The next question to ask yourself is what exercises you are likely to perform on your bench?
Whilst we don’t need to dig into the specifics of the adjustable bench vs flat bench debate, it’s important to understand the benefits of one type of bench over another.
The two main benches found in a gym are the adjustable weight bench, also known as a FID Bench, which stands for Flat, Incline or Decline. The other main type of bench is the flat weights bench.
To be clear, the main difference between a flat weight bench and an adjustable bench is the ability to change the angle of the workout pad.
Using an adjustable bench allows you to perform exercises ranging from the shoulders down to the lower chest and therefore gives you a greater variation of exercises over the flat bench. However, it is not always needed and is dependent on what exercises you want to perform in your workouts.
Examples of exercises performed on an Adjustable bench are:
The Flat weight bench is, as the name implies, flat and fixed in position.
Because of its fixed pad position, which lies parallel to the floor, you are limited to exercises performed at the same angle and would struggle to target the shoulders or isolate different parts of the chest during gym sessions.
Exercises that can be performed on a flat bench include:
An important and often overlooked question to ask yourself is 'Do I trust the company I’m buying from'?
There are numerous retailers who simply import weight benches without carrying out any safety testing or due diligence then sell them on auction sites such as Ebay or Amazon.
It’s important to have an understanding of what goes into manufacturing a high-quality weight bench especially when the ramifications of weld failure under heavy loads of weight are so serious for the lifter!
Do your research and choose wisely.
The warranty period is important but comes second only to trusting the brand. After all a promise to replace or repair goods over a ten-year period means nothing if the company don’t honour it
Check to see what companies cover in their warranty?
While it’s unrealistic to expect a long guarantee when looking at the upholstery, the frame and welds should be covered for a minimum of 6 months and on the more expensive models should be a lifetime warranty against weld breakage.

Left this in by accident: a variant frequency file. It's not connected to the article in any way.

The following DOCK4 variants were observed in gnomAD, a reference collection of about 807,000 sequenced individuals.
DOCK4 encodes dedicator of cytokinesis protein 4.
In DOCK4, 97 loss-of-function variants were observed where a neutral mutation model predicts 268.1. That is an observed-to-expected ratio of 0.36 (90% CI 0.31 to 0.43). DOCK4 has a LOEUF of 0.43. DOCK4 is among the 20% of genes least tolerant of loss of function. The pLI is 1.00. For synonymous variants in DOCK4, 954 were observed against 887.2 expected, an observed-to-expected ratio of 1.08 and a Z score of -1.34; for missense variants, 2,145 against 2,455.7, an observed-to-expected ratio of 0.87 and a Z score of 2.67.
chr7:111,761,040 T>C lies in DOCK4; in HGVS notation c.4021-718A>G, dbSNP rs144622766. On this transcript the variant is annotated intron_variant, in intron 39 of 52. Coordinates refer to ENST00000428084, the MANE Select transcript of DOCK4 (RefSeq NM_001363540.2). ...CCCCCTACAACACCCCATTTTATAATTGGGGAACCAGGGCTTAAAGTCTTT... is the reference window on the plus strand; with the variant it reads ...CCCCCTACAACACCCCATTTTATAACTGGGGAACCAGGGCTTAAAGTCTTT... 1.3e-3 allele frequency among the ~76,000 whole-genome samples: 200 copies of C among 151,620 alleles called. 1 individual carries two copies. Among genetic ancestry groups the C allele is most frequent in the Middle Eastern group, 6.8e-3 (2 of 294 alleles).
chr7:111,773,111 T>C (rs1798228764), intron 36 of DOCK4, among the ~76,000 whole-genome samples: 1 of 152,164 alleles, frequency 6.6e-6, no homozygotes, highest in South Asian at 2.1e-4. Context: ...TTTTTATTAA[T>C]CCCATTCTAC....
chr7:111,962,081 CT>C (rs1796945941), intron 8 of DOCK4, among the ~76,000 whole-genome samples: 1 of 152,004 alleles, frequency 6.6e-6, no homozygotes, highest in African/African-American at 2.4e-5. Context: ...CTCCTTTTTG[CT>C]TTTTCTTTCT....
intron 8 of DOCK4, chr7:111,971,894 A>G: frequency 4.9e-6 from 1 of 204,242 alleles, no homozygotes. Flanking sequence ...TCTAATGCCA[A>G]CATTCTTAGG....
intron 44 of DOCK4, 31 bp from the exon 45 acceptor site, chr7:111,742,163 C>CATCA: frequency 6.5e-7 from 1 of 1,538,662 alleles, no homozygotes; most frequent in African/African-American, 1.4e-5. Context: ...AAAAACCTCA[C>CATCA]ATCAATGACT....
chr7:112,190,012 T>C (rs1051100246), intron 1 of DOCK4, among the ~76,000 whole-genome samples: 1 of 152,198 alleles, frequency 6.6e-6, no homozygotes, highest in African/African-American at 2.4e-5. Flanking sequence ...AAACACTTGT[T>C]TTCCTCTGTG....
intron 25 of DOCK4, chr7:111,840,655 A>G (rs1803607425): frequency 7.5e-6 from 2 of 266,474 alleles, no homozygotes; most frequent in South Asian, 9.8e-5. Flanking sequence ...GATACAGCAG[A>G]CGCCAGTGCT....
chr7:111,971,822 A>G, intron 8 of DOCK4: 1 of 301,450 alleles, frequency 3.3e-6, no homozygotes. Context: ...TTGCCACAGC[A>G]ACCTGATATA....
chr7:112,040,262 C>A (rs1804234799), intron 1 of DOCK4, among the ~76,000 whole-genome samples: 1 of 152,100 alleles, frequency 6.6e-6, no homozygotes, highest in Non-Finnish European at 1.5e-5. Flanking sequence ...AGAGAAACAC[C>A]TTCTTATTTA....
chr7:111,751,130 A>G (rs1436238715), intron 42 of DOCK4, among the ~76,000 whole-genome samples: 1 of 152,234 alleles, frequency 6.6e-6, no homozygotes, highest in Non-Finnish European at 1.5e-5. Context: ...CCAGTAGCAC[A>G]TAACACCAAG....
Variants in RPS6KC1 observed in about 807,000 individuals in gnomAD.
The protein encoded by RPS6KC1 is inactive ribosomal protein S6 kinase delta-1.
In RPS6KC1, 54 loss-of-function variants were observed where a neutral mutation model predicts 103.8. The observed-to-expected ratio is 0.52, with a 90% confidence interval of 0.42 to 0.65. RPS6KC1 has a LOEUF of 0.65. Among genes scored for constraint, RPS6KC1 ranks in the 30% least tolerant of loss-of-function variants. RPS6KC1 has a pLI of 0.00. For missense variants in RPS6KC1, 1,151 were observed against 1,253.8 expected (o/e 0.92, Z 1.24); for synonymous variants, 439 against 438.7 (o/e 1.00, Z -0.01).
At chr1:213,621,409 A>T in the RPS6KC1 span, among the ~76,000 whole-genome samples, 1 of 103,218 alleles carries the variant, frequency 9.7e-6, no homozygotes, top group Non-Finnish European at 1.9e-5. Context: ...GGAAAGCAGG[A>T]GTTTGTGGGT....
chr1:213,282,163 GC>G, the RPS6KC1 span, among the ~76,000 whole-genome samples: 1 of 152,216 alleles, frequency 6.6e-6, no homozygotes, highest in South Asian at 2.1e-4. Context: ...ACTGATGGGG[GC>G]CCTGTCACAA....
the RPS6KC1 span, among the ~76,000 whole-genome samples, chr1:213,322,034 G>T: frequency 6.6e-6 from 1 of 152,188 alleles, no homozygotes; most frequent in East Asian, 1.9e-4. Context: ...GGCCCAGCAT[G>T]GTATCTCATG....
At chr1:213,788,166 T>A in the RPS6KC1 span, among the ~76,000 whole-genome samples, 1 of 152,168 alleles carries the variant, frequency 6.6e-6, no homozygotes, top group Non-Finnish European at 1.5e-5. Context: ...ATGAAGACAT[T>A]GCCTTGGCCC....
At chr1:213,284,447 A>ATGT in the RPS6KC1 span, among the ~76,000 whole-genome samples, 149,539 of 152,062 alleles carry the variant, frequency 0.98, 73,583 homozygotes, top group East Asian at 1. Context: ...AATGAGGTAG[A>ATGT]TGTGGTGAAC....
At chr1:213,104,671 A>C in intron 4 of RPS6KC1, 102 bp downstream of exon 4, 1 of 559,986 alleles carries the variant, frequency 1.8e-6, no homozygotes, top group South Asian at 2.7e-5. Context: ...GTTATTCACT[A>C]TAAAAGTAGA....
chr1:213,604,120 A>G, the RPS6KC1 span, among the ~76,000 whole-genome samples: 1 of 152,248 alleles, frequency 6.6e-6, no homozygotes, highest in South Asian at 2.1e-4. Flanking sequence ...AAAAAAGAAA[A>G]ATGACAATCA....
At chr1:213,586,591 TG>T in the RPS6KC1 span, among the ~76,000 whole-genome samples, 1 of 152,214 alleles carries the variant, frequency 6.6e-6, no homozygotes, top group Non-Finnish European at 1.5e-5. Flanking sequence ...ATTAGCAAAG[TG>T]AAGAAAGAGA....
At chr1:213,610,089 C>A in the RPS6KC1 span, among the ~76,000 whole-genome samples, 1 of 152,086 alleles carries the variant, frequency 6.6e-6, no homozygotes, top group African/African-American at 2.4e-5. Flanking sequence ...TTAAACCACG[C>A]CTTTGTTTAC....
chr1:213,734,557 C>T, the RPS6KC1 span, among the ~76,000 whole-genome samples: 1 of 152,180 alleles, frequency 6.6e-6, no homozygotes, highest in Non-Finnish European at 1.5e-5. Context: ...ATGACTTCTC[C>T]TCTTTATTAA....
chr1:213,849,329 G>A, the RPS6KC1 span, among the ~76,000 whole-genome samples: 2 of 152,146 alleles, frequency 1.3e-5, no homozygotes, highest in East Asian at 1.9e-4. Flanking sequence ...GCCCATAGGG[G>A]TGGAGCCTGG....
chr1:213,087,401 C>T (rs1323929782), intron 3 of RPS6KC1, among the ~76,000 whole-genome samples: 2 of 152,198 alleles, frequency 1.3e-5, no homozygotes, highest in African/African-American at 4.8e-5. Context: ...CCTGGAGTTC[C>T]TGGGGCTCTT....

Choosing the right gym bench dimensions is an important factor and should be based on your individual body size and the space where your bench will be located.
The two crucial measurements are the height of the bench and the length of the pad.
To make sure the height of your bench is correct:
To make sure the length of your bench is correct:
Top tip No. 3– Bench pads under 300mm/11.8" wide can often cause issues with lifters being able to squeeze and hold their scapula together during pressing movements. Always opt for a pad at least 300mm wide where you would position your chest.
We determined the best sizes to be
Top tip No. 4– Pay attention to the gap between the seat pad and back pad when looking at your new Adjustable Bench. Large gaps can cause discomfort during flat pressing movements such as the bench press or chest fly.
The majority of weight benches are likely to be made from metal, but it’s important to look closely at the material selection.
The thicknesses, and therefore the weight, are a large factor in its durability and strength. Some benches have steel box section which can start a wafer thin 1.5mm and others go up to 4mm or even 5mm thick!
Moving parts on any gym bench should ideally be coated in an electroplating such as zinc or nickel although the higher model benches will use stainless steel to guarantee a bench with a long life.
Push fit plastic end caps are often found on the lower cost weight benches. Their function is to cover the open ends of square and circular steel box section. Unfortunately, in a tough gym environment they do not stand up to the abuse and will be damaged or lost resulting in sharp exposed steel which can be dangerous. Try and opt for benches with welded steel end caps
Choosing a new piece of gym equipment should be an enjoyable time for anyone but get it wrong and it could cost you.
Make sure you choose the correct bench to not only fit your budget, but also your training goals and your body type.